The Avicii Experience

Did you know that Sweden is one of the world's largest producers of pop music? You might think: well, yeah, there is ABBA. But, the Swedish contribution to popular music is so much more. Besides other big name artists/groups, like Roxette, Ace of Base, Robyn, Icona Pop and Swedish House Mafia, Sweden has very successful music producers and song writes (Max Martin, ShellbackDenniz Pop, etc.) and chances are that when you are humming a hit song from an American artist, a Swede wrote it. For example, "Can't Stop the Feeling" by Justin Timberlake. There are many theories on the reason behind "the Swedish music miracle", but if you want to take a deeper dive into this phenomenon then I recommend checking out the "This is Pop" documentary series on Netflix. 
Entrance on Sergelsgatan

The biggest name to come out of Sweden onto the international music scene in the past 10+ years is, undoubtedly, Tim Bergling... better known by his artist name: Avicii. In fact, in his relatively short career, Avicii, a DJ, song writer and music producer, became the 5th biggest selling Swedish music act in history. One of Stockholm's biggest arena (and world's largest hemispherical building) Globen was even recently renamed the Avicii Arena. Avicii is the perfect blend of Sweden's history of pop artists and song writers/producers. As he used different singers and dabbled in various music genres, it isn't always easy to recognize a song as being an Avicii song right away... but you have surely enjoyed his music over the past ten years. Sadly, Avicii's story came to a tragic end in 2018 when he took his own life.

Thankfully, there is now a place in Stockholm where fans of Avicii's music can celebrate his life, career and talent... the newly opened Avicii Experience. This interactive tribute museum is a collaboration between Tim's parents and Pophouse Entertainment (the company responsible for ABBA the Museum, ABBA Voyage, Mamma Mia the Party and more). I was lucky enough to be invited earlier this week to see and experience the museum. It is a wonderful place to get to know more about Tim Bergling the person as well as Avicii the artist.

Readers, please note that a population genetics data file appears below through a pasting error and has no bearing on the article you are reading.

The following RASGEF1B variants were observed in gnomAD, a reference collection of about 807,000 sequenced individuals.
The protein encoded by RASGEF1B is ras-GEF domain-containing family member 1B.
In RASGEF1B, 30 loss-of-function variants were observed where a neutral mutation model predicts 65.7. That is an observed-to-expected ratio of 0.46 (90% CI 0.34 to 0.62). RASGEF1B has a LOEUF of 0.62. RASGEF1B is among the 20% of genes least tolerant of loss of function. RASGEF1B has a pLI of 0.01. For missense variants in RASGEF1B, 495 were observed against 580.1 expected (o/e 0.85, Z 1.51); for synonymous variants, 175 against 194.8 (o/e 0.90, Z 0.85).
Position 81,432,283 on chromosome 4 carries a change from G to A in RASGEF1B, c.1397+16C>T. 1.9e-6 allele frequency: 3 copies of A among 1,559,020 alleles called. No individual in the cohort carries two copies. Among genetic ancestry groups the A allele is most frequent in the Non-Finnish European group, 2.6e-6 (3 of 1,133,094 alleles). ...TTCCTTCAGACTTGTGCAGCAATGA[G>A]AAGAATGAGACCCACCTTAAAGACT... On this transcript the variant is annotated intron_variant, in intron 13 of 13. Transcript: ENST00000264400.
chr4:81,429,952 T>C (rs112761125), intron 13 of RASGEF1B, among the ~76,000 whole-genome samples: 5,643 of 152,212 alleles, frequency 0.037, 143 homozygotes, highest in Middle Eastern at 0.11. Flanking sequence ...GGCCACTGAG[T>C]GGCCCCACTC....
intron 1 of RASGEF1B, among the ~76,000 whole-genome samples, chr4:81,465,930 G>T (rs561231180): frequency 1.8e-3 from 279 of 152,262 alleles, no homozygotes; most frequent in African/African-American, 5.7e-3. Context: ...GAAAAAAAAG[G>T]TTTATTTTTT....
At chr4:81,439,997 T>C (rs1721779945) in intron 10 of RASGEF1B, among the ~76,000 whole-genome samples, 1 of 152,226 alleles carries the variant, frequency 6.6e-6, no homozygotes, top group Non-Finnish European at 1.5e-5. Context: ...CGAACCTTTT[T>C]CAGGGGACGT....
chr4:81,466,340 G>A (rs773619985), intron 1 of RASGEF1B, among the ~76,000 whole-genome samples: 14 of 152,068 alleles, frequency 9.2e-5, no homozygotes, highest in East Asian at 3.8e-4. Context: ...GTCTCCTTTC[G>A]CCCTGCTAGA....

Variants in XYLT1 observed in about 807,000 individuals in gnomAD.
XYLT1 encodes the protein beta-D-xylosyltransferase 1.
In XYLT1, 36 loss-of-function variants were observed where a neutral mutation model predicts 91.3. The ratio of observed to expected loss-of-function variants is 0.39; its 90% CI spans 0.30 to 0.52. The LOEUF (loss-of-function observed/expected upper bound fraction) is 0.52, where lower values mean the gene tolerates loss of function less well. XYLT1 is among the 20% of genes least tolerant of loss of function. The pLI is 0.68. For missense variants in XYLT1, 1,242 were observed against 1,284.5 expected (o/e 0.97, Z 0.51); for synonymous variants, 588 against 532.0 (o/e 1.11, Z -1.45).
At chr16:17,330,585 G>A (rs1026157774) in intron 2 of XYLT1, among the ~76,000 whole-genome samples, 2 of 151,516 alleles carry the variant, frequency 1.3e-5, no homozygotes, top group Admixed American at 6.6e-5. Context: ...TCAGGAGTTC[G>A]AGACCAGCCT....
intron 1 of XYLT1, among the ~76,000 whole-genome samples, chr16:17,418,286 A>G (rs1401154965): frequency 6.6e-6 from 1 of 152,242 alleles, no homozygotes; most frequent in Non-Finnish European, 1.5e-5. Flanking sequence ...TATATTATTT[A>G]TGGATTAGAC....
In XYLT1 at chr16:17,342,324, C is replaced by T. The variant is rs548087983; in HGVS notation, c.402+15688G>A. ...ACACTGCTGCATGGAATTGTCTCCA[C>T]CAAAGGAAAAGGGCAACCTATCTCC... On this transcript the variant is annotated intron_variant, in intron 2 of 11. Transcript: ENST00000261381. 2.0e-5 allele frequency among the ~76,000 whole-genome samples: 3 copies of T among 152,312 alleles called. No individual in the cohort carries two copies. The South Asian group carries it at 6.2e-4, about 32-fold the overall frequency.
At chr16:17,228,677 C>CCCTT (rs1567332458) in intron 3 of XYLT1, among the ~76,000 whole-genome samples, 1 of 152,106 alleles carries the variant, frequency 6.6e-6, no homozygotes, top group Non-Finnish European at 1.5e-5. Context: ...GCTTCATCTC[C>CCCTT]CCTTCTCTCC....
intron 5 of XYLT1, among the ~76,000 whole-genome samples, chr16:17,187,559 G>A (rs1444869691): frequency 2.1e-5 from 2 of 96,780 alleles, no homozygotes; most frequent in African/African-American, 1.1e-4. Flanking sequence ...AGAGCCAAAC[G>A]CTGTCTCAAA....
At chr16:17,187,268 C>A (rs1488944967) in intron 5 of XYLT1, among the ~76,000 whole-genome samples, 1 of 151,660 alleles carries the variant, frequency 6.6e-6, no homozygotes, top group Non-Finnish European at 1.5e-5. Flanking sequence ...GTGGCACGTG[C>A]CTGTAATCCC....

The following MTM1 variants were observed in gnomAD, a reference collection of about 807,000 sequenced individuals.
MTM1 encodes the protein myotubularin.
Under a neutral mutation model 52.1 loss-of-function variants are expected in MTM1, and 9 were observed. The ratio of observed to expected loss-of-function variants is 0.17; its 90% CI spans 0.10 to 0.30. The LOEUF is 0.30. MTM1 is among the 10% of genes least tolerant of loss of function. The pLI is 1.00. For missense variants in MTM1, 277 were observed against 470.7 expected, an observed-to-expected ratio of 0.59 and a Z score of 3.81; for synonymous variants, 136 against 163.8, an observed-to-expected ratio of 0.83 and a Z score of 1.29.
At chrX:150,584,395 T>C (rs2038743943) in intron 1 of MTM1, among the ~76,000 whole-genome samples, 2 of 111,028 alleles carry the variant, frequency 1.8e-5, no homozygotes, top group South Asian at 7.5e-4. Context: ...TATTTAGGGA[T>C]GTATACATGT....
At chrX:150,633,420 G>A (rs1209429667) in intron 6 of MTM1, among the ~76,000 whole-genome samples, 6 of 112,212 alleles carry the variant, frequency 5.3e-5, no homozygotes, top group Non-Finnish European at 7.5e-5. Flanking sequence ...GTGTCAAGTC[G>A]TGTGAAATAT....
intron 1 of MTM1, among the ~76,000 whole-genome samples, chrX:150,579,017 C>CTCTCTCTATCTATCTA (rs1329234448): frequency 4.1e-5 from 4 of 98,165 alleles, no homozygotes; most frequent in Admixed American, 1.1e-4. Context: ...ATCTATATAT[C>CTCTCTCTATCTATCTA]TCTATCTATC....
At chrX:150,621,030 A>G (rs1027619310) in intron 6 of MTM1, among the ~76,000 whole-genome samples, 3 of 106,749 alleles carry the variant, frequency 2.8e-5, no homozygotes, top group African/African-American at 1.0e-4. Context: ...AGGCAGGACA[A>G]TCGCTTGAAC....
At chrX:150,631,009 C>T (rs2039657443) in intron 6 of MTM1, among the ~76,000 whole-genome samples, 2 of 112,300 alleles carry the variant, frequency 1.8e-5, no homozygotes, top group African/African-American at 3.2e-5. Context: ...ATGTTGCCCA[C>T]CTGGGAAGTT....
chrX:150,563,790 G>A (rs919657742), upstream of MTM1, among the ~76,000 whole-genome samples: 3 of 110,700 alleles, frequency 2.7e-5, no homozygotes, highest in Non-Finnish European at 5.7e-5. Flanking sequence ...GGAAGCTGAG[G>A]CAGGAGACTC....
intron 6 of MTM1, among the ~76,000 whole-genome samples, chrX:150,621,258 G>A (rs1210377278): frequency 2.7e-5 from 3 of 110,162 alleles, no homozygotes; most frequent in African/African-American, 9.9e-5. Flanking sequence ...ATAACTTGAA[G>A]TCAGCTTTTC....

Tim Bergling's boyhood room

The museum is set up chronologically so you start in his childhood bedroom and work your way through his life and career, past his first studio in Stockholm and later studio in Los Angeles, all filled with his own personal items. Other cool details include having the L.A. skyline as the backdrop for the studio where the "sunlight" changes to match the time of day. The final room in the exhibition, while not a complete recreation, is a nod to the funeral services for Tim held at Hedvig Eleonora Church.

Much of the museum is music, film and cutting edge technology which, sadly for my blog, is hard to capture on photographs. There are, for example, three sound booths where you can put on virtual reality goggles and be transported to a studio where you can give your try at singing an Avicii song. I had never tried virtual reality glasses before and they were both very cool and a little disconcerting. I have no idea how they work! Other tech exhibits include being able to remix songs and play a virtual piano with a wave of your hands.

"Karaoke" booths with virtual reality glasses

Avicii found touring, where he was selling out stadiums and arenas around the world, to be stressful and detrimental to his mental health. He announced in 2016 that he would stop touring. One room in the museum has been created, where your senses are bombarded with stimuli, to give visitors a feeling of the stress involved in touring. Just a drop in the bucket, I am sure, but it does give you an idea of what it must have been like. It especially interesting and poignant considering the high profile athletes who have recently stepped forward to talk about stress and mental health in similar situations. 

One of the final rooms is dedicated to the Avicii tribute concert which was held at Friends Arena in celebration of his life. The tickets sold out within 30 minutes and all profits went to the Tim Berling Foundation. The room is circular and in the middle is a DJ booth... video from the concert is shown on the walls (nearly 360 degrees) so that when you stand in the booth it gives you the feeling of what it must have been like to stand on stage and feel the love from the crowd. Very powerful.

The museum is a great addition to the music and cultural landscape of Stockholm. And why not combine it with a visit to ABBA the Museum, see how Swedish pop music has evolved over the decades? The Avicci Experience is located in the downtown area, just next to the square Sergelstorg. It is located inside of Space, a new exciting digital cultural center (gaming, music, content creation, etc.). The easiest way to get there from the Hotel Rival is by taking the subway, red line, three stops to T-Centralen and then exit to Sergelstorg. 


Popular Posts